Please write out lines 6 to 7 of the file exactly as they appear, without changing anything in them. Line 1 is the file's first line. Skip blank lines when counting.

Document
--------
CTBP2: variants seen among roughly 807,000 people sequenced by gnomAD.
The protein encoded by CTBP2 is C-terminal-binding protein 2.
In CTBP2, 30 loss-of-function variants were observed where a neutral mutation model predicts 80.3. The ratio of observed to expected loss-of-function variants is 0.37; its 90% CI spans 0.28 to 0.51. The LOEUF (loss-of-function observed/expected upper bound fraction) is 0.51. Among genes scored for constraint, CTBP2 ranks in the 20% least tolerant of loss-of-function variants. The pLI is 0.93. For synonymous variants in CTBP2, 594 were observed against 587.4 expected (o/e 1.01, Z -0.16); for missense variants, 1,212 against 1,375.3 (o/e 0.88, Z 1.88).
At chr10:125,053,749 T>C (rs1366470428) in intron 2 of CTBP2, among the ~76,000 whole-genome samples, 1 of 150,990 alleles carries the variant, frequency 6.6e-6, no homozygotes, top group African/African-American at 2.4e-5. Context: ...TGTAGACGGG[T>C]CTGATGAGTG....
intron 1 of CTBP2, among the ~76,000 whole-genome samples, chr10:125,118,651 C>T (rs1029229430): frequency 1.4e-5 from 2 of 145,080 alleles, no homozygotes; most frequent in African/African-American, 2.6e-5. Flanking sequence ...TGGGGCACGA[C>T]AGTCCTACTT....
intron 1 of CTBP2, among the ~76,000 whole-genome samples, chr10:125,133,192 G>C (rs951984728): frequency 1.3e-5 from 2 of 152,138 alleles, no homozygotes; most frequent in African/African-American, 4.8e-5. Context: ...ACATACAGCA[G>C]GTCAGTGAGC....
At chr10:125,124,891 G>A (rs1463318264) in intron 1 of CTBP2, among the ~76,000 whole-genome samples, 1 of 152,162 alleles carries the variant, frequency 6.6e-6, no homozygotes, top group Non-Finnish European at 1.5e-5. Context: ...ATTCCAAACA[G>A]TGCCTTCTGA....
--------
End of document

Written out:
intron 1 of CTBP2, among the ~76,000 whole-genome samples, chr10:125,133,192 G>C (rs951984728): frequency 1.3e-5 from 2 of 152,138 alleles, no homozygotes; most frequent in African/African-American, 4.8e-5. Context: ...ACATACAGCA[G>C]GTCAGTGAGC....
At chr10:125,124,891 G>A (rs1463318264) in intron 1 of CTBP2, among the ~76,000 whole-genome samples, 1 of 152,162 alleles carries the variant, frequency 6.6e-6, no homozygotes, top group Non-Finnish European at 1.5e-5. Context: ...ATTCCAAACA[G>A]TGCCTTCTGA....